This isn't about putting skirts on quarterbacks and taking the toughness out of football. This isn't about having people who haven't played the game at its highest level, if at all, dictating to the game how it should be played. This is about keeping the game exciting without it having to teeter at the precipice of tragedy. It may not be able to avoid what happened to former Bills' player Kevin Everett, who was fortunate to escape paralysis after suffering a life-threatening spinal-cord injury while trying to make a tackle three years ago on special teams. But it should be able to guard against what happened to the late Darryl Stingley, who was paralyzed for the rest of his life after a shot from Jack Tatum, who died earlier this year.
The good news about football, as college football 100 years ago and the NFL just this season have shown, is that it has been reactive, if not proactive, to things such as helmet-to-helmet hits that threatened to turn future fans and players off from the game. This season the NFL implemented guidelines governing when a player who suffered a concussion can return to play. It is also doing a better job in-game of identifying those players. (Although last weekend, Washington's Chris Cooley returned to play after having suffered a concussion that, I hope, just went undiagnosed at that moment.)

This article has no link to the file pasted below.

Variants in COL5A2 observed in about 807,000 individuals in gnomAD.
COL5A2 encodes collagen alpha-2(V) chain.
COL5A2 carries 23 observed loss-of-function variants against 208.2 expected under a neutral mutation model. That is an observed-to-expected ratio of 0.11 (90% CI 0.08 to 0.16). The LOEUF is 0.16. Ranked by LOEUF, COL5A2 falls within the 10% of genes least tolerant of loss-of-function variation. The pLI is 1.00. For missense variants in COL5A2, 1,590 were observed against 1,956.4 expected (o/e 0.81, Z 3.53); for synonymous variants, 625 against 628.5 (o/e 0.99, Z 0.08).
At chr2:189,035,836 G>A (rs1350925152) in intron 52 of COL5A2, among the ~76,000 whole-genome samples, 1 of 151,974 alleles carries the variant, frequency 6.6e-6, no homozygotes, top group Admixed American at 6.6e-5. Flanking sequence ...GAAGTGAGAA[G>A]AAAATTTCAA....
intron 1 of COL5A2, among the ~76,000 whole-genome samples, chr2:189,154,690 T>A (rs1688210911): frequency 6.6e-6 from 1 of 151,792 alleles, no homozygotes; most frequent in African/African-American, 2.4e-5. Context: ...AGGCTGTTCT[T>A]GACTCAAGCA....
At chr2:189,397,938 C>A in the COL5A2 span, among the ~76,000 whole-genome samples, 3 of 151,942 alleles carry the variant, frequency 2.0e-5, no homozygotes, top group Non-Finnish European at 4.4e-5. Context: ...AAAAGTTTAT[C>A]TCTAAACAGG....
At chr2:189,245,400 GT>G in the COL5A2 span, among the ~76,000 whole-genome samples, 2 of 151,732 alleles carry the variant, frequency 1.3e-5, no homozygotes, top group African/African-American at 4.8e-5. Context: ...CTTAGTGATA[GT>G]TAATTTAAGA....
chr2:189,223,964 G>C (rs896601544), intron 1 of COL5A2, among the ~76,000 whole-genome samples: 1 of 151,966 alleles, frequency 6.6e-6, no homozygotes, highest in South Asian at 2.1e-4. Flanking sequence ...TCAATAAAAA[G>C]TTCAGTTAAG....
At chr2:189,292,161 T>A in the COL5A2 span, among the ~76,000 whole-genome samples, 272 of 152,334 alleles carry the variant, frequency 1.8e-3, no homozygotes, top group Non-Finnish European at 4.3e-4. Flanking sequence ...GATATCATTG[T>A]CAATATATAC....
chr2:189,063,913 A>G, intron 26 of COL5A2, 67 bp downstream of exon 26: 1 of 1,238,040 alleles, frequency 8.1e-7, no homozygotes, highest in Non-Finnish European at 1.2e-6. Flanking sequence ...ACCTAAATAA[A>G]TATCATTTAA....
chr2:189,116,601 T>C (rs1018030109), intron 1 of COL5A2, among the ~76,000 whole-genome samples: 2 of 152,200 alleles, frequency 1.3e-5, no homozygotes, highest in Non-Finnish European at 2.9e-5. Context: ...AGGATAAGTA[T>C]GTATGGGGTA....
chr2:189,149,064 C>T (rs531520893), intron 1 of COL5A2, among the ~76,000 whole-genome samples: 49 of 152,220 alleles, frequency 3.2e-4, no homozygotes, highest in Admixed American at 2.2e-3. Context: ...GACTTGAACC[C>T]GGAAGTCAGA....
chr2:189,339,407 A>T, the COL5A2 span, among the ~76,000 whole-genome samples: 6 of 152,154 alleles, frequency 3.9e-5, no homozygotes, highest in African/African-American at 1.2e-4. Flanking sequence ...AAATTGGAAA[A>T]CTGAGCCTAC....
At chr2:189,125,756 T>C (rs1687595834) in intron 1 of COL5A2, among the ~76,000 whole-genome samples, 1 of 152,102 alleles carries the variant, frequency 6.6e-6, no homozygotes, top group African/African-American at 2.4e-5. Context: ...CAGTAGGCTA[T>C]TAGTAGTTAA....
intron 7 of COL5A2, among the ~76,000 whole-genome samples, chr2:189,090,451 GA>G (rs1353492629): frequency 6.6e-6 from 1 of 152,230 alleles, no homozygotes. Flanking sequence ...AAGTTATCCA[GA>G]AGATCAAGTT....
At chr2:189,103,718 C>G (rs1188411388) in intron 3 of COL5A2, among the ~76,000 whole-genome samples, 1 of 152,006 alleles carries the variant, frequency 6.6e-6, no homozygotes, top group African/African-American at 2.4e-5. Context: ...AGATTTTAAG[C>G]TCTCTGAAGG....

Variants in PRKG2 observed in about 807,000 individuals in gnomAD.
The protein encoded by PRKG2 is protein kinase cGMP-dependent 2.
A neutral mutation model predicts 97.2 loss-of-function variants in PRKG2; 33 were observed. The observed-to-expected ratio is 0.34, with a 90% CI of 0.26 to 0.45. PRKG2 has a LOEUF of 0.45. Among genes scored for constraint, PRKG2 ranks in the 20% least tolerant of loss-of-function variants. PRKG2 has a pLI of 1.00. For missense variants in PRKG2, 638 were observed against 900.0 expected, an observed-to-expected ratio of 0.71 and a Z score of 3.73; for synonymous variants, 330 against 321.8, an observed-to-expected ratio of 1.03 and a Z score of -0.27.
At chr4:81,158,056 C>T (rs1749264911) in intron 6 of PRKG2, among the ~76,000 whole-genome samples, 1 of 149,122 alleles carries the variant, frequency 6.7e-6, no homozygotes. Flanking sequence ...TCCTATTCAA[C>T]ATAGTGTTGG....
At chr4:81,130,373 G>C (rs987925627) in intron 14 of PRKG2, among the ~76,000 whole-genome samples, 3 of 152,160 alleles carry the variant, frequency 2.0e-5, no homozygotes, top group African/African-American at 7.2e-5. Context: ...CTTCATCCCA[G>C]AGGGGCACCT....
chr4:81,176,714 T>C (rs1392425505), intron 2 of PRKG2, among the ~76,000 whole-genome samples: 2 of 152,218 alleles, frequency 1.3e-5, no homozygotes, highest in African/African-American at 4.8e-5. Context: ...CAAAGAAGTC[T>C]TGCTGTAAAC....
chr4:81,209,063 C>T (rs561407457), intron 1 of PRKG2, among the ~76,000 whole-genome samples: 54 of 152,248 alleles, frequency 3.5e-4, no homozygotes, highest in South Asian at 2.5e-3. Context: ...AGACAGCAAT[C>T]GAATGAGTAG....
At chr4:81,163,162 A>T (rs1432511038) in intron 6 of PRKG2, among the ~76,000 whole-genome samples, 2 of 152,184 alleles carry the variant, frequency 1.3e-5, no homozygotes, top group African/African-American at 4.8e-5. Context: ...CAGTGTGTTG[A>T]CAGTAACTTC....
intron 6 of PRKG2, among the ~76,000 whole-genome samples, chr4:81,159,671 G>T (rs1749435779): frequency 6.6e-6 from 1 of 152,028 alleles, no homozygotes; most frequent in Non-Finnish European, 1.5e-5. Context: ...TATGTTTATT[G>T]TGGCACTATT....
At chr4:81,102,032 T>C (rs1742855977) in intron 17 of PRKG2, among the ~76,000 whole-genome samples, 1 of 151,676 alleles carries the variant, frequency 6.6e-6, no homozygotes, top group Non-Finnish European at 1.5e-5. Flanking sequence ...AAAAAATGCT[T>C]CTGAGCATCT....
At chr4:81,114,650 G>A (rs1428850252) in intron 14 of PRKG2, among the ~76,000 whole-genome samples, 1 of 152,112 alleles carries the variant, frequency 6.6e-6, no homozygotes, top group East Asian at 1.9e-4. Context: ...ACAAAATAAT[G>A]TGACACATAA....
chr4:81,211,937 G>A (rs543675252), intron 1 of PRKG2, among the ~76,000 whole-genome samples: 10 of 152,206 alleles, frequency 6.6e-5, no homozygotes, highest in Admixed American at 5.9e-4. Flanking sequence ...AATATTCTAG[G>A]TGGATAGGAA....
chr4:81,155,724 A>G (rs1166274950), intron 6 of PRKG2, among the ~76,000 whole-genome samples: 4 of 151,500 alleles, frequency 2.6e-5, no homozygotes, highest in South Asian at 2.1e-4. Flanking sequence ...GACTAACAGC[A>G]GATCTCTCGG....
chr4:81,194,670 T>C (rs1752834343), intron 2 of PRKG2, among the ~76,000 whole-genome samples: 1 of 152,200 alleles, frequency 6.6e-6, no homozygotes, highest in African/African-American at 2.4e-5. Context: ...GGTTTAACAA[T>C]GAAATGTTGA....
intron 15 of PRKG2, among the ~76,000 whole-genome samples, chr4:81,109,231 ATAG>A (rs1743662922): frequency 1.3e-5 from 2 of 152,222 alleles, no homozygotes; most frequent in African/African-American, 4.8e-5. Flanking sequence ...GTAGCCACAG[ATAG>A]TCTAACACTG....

It may sound counter-intuitive to plead for the NFL to reel itself in when we've been led to believe that the fastest growing sport is the rubbernecking licensed brawling called mixed martial arts and the movie box office winner last weekend was the masochistic "Jackass 3D" that soaked up $50 million.
But the NFL is America's pastime that in recent years has had to come to grips with the battered state in which it's left scores of it former stars. It also has to understand that current players are not necessarily less threatened with long-term health problems.
The league was smart to suggest it won't wait until another player is left quivering flat on the ground as Jackson was Sunday before it starts benching reckless tacklers. Want to hunt a trophy in the league? Make it the Lombardi, not an opponent's head.